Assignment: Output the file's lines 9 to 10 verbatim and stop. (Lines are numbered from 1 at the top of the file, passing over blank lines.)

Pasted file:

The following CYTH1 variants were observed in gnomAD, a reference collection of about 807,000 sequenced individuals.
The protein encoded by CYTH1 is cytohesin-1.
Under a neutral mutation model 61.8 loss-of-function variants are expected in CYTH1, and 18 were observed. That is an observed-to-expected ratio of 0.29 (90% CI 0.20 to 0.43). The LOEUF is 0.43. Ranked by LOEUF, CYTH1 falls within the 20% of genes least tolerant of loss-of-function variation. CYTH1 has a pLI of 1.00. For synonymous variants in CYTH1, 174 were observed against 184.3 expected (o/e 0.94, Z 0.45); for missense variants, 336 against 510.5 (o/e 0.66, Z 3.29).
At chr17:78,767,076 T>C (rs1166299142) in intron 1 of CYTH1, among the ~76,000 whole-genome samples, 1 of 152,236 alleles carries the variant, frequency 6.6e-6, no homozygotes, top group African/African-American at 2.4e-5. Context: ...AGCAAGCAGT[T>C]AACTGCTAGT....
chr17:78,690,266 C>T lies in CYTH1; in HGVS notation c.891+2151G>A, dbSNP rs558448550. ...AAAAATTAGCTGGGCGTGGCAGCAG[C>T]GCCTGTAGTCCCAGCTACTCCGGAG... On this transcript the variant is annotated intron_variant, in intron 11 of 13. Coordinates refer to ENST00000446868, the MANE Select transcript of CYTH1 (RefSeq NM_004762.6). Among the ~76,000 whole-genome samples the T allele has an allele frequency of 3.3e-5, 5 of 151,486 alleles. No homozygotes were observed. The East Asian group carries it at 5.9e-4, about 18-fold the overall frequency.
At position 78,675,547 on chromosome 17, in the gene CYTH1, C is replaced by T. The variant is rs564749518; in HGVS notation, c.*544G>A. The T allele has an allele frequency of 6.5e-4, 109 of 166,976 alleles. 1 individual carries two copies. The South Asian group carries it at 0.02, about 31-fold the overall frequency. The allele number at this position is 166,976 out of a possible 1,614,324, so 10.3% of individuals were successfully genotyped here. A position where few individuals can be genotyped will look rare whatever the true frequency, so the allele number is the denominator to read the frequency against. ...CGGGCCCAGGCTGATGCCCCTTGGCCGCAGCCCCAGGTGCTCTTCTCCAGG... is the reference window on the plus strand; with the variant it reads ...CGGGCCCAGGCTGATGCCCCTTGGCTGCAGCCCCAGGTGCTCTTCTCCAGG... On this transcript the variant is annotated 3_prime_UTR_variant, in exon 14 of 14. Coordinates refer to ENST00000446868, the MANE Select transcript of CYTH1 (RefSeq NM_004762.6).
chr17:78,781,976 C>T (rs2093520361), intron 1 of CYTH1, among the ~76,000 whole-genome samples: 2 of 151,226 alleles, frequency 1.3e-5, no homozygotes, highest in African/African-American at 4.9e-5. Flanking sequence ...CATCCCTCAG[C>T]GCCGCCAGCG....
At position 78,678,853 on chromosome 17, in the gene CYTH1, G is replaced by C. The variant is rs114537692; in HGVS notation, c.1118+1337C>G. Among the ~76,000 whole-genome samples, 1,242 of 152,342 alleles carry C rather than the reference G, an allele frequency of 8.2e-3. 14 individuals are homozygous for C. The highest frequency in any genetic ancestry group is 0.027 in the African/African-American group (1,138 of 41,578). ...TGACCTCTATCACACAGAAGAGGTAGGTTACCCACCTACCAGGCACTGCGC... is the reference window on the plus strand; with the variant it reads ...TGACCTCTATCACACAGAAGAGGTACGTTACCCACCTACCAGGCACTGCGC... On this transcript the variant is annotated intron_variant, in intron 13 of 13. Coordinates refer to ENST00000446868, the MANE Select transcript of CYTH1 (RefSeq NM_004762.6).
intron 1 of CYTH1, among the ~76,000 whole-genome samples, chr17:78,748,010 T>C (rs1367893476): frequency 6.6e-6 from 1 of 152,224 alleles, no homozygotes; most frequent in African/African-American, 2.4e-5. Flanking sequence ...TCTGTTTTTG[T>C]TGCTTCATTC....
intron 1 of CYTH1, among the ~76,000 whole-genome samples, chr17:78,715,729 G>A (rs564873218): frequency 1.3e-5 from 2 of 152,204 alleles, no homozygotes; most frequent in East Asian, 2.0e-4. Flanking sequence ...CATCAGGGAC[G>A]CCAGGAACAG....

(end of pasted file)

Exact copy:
intron 1 of CYTH1, among the ~76,000 whole-genome samples, chr17:78,748,010 T>C (rs1367893476): frequency 6.6e-6 from 1 of 152,224 alleles, no homozygotes; most frequent in African/African-American, 2.4e-5. Flanking sequence ...TCTGTTTTTG[T>C]TGCTTCATTC....
intron 1 of CYTH1, among the ~76,000 whole-genome samples, chr17:78,715,729 G>A (rs564873218): frequency 1.3e-5 from 2 of 152,204 alleles, no homozygotes; most frequent in East Asian, 2.0e-4. Flanking sequence ...CATCAGGGAC[G>A]CCAGGAACAG....